Keeping Your Business Safe: Avoid Coronavirus Scams

In the wake of a crisis such as the COVID-19 pandemic, there is often an uptick in fraudulent activity, as scammers are looking to take advantage of those who are most vulnerable. For small business owners, this can also mean lenders who do not have your best interests in mind–so it’s crucial to watch for red flags. Make sure your employees know this information as well. Avoid Coronavirus scams by following these tips:

  • Predatory lenders exhibit several common traits, but it’s always best to do thorough research before borrowing money. Be on the lookout for unusually high rates and fees, high-pressure tactics and any over the top claims about “solving all of your financial problems.” Ask probing questions and weigh your options prior to committing to fast money that could come back to hurt your business in the long run. American Bankers Association has compiled a list of banks who are actively working to help anyone affected by this global health crisis.
  • Cybersecurity should remain a top priority for your organization to ensure you avoid Coronavirus scams during this difficult time. Do not answer robocalls, avoid opening emails or texts about checks from the government, and don’t click on any suspicious links online. You must remain vigilant. Phishing and malware scams are prevalent during and after a catastrophe.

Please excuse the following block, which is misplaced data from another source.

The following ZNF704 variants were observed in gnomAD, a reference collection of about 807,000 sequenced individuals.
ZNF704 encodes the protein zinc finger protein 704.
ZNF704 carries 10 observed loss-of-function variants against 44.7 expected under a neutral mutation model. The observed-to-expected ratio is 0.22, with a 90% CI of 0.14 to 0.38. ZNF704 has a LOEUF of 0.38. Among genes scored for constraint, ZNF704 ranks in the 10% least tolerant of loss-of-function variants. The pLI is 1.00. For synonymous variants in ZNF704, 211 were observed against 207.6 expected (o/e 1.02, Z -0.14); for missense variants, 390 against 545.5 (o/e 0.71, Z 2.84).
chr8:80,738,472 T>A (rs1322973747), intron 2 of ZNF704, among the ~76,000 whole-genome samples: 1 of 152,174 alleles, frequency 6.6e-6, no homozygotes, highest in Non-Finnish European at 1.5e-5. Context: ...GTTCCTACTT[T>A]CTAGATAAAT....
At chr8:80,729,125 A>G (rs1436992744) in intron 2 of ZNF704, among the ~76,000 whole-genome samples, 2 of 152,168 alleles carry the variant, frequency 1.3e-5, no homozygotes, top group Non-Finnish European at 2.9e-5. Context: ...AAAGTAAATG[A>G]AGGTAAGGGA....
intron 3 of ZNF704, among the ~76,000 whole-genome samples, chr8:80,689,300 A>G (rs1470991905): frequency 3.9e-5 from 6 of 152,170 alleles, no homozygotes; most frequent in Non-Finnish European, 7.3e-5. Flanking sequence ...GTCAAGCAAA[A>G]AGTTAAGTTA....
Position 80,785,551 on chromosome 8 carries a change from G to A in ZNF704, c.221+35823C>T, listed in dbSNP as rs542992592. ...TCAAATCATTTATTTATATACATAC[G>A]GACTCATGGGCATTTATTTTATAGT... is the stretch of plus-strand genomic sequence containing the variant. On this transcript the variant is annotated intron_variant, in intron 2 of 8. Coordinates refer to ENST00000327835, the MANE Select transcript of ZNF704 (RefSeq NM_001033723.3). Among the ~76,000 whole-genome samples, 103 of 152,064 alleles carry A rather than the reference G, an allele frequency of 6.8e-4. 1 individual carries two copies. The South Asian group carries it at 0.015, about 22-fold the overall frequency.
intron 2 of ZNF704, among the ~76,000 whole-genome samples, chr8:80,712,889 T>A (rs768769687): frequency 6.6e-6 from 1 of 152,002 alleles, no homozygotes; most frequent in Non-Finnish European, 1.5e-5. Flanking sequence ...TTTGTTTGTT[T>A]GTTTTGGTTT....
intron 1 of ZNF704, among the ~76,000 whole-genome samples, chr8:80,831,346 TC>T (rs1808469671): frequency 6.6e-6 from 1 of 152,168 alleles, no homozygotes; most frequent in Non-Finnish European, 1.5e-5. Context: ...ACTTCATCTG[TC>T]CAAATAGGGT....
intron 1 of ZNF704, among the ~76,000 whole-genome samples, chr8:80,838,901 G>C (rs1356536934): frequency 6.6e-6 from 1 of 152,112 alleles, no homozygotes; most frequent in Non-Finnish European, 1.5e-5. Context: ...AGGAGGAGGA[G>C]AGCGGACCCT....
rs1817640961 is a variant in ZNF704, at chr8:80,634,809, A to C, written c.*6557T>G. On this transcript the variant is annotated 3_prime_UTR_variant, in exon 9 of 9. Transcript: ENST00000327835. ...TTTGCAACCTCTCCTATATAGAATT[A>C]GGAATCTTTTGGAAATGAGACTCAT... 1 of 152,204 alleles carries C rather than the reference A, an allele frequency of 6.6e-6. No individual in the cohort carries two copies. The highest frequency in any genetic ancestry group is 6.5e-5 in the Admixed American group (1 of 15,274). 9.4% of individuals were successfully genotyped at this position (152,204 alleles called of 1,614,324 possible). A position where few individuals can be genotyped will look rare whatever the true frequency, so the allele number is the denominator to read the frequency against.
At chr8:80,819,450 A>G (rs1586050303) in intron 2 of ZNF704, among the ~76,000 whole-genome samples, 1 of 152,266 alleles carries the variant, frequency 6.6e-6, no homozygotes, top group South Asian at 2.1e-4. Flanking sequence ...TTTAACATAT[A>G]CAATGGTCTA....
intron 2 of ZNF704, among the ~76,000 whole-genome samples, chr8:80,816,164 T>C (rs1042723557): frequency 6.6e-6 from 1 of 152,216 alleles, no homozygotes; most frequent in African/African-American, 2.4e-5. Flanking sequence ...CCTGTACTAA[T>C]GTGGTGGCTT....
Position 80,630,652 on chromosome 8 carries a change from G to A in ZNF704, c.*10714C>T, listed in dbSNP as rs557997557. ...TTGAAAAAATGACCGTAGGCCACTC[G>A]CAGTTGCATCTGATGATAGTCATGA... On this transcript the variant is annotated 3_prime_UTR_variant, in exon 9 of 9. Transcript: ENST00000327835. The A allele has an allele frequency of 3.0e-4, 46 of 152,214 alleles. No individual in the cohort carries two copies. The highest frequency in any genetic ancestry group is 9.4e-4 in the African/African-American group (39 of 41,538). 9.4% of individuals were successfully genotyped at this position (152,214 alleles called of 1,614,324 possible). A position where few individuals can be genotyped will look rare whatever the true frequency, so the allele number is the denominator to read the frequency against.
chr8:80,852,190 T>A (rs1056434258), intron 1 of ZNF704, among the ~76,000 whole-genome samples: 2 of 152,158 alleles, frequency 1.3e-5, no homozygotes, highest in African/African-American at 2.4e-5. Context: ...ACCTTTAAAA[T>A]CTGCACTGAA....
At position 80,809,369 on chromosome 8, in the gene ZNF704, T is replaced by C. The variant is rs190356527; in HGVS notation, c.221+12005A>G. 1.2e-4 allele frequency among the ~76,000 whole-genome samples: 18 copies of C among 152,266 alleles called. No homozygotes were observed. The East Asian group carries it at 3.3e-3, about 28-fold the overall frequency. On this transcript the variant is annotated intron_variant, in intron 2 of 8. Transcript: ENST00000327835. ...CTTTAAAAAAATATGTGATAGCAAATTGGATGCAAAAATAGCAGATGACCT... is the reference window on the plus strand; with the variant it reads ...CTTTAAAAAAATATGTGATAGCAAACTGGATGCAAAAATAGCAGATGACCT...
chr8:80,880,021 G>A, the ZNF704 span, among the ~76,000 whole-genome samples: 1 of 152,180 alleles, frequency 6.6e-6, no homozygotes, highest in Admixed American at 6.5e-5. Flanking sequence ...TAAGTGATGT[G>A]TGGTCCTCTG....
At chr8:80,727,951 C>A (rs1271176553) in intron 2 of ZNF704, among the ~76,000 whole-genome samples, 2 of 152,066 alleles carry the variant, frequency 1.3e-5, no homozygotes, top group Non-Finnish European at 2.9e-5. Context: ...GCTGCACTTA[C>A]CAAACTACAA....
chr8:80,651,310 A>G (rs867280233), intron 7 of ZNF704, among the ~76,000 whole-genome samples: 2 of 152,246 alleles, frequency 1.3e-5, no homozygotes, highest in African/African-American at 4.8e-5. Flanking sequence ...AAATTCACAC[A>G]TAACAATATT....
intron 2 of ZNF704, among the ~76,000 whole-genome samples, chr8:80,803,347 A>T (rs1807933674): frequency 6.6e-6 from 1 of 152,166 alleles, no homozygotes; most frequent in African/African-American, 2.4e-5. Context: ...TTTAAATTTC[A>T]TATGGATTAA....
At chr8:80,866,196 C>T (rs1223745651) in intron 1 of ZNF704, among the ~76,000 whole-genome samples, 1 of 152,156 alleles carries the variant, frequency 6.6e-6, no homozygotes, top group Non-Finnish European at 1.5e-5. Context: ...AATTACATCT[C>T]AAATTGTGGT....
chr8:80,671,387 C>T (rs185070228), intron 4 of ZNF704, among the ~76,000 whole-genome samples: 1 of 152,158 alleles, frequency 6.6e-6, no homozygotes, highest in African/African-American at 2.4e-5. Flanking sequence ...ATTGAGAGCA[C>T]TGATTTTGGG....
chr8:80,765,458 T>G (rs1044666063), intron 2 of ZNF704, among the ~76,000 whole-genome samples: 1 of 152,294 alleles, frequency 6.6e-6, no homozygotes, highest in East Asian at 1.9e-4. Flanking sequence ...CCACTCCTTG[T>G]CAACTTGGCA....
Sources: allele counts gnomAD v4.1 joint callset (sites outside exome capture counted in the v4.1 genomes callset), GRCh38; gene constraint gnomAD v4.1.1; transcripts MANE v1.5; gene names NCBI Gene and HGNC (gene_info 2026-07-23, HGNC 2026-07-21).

• Many fraudsters are claiming to be with a government agency, such as the Federal Deposit Insurance Corporation (FDIC), the Center for Disease Control and Prevention (CDC) and the World Health Organization (WHO). Recently, someone claiming to be from the FDIC asked consumers to “confirm” or “update” confidential personal financial information. No government agency will ever demand that you pay by gift card, money wire or digital currency, nor would they ever ask for personal details such as bank account information, credit and debit card numbers, social security numbers or passwords.
  • Be aware of fake charities. Sadly, when a major crisis occurs, scammers may try to take advantage of your generosity. If you are looking to give back to your community, do your due diligence to ensure it is a legitimate charitable organization. Refer to the Federal Trade Commission’s list of organizations who can help you determine that.

 

If you are a Live Oak customer, feel free to discuss any concerns with your lender or your Business Analyst. We are committed to offering our guidance and expertise to help you navigate these challenging times.